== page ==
As a service, our Telemetry Data Platform allows you to store and analyze metrics, events, logs, and traces, whether they come from New Relic agents or third-party sources, such as Prometheus. Traditionally, New Relic users have queried their data using the New Relic Query Language (NRQL). As we spoke with users about Prometheus, however, we learned that PromQL support would allow them to use their existing Grafana dashboards and enable new users to adopt our platform without learning NRQL.
Prometheus is an excellent tool for monitoring metrics from myriad infrastructure and other systems, but its lack of a long term, durable, and reliable storage solution presents a challenge. This challenge is why we built support for Prometheus’ remote write capability, giving you the ability to send your Prometheus metrics to the Telemetry Data Platform.
As we built our Prometheus support, we were fortunate to partner with Julius Volz, co-founder of the Prometheus project. While his recent blog (PromQL Compatibility Across Vendors) gives us a compatibility score of 31%, we know that our PromQL implementation supports 99.5% of the top Grafana dashboard queries, and we believe it will support the majority of your use cases. This blog post discusses our approach to PromQL support, when and why our implementation differs from PromLabs’ implementation, and most importantly, how New Relic supports your PromQL needs.
Built to support the most common queries
In developing our PromQL solution, we prioritized supporting the queries that customers use the most. Due to the popularity of Grafana as a tool to explore and visualize Prometheus metrics, we identified the most commonly used community dashboards and the PromQL queries upon which they’re built. This collection of more than 600 PromQL queries covers the top 7.8 million Grafana dashboard downloads. We knew that supporting these queries would cover the vast majority of our customers’ use cases. As a result, when we launched our support for PromQL in August 2020, our PromQL engine was able to parse, translate, and correctly execute 99.5% of the queries in the aforementioned collection. Coincidentally, a day after achieving these results, PromLabs’ promql-compliance-tester tool was open-sourced.
PromLabs’ blog makes an important point that should put New Relic’s 31% score into perspective: “...the numeric scores alone paint a limited picture. They don’t necessarily tell you how impactful implementation errors are, nor how many distinct behavioral differences there are.” Implementation differences don’t necessarily impact the user experience. To put a finer point on it: if our PromQL implementation returns a result that is nearly the same as what the PromLabs test suite expects, the result will have failed PromLabs’ test suite, even though the result is just as useful for your real-world troubleshooting needs.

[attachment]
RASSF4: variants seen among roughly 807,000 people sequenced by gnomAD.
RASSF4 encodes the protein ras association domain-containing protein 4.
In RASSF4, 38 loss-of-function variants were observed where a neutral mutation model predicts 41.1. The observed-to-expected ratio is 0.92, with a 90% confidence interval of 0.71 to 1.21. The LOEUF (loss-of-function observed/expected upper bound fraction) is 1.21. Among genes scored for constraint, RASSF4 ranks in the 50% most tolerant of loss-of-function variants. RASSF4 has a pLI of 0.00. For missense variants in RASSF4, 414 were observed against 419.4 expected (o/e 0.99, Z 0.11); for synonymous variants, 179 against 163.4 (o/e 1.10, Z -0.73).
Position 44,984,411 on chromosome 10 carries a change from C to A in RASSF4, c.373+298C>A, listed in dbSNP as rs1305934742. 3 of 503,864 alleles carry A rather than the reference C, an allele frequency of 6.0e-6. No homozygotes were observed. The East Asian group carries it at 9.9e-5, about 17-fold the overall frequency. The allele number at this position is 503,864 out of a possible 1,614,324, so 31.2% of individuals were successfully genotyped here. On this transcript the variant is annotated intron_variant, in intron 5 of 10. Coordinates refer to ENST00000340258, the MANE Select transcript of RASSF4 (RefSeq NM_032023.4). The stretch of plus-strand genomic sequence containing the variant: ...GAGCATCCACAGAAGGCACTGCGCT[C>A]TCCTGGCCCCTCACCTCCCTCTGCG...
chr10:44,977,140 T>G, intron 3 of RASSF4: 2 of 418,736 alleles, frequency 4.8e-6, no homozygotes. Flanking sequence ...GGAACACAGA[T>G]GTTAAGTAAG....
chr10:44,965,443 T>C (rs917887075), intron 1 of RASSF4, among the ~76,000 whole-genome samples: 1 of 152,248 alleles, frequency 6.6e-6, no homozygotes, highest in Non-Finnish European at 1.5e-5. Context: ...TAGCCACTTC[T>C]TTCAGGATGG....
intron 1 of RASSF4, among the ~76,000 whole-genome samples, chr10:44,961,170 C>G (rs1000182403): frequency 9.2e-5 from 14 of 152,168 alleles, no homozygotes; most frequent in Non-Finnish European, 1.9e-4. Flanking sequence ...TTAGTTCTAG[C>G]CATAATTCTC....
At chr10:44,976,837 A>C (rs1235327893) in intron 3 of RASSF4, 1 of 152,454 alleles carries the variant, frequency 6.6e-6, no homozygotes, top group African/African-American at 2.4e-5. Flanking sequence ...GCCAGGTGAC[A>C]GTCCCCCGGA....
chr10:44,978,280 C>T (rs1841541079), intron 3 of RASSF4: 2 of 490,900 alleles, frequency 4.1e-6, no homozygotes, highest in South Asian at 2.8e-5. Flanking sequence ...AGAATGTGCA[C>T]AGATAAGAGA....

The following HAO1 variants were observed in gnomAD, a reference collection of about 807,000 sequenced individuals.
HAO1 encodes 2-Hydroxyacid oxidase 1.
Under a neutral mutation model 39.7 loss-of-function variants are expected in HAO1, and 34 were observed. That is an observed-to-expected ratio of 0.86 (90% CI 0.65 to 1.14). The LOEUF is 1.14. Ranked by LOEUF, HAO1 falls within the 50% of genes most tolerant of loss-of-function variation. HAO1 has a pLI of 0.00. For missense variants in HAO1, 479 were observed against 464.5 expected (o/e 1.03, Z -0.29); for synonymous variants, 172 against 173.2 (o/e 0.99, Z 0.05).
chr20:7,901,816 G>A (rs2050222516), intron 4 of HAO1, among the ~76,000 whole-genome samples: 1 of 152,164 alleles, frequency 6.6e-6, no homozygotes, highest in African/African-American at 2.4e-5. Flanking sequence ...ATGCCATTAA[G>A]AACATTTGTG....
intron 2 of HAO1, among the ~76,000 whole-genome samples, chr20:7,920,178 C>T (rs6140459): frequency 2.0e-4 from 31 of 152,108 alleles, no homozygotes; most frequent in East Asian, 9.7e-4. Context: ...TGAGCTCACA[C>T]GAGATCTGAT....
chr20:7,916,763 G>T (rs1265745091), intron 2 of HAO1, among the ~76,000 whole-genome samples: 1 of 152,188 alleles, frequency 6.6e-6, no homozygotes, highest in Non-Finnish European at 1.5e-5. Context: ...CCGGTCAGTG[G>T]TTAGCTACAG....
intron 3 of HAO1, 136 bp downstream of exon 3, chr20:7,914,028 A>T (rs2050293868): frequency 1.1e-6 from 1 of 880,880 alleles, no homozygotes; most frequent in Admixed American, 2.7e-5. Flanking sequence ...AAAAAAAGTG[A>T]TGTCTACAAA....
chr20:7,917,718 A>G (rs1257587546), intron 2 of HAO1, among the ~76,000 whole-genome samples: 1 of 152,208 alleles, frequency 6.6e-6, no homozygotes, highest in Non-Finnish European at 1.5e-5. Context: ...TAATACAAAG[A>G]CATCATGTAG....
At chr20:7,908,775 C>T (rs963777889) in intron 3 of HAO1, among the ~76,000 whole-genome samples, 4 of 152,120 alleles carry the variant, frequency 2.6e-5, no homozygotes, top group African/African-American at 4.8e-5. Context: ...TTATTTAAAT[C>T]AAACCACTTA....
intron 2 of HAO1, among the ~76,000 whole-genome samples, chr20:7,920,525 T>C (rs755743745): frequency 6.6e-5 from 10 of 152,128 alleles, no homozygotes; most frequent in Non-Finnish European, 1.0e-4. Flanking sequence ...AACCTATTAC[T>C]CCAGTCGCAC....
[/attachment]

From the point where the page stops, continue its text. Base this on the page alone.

Metrics matter, but so does scalable, long term storage
While Prometheus and the Telemetry Data Platform have similarities (support for ad-hoc schemas and flexible queries without user-specified indices), they follow separate design principles that require different trade-offs. Query languages, query execution models, data models, and storage formats are often intrinsically linked through design constraints.
The PromLabs compliance test highlights a subtle yet fundamental point: support for PromQL is tightly coupled to the Prometheus data model and the Prometheus storage implementation. Due to different strategic objectives, we’ve chosen to make different design trade-offs than PromLabs; notably, we’re focused on:
- Telemetry data types: The Telemetry Data Platform supports metrics, events, logs, and traces, whereas Prometheus only supports metrics.
- Storage systems: The Telemetry Data Platform provides scalable and cost-effective, long-term storage, whereas Prometheus does not.
- Computing deltas: The Telemetry Data Platform computes deltas at ingest time rather than at query time, providing faster results over larger data sets. Another advantage of this approach is that it avoids undesired results in some functions at query time (see below).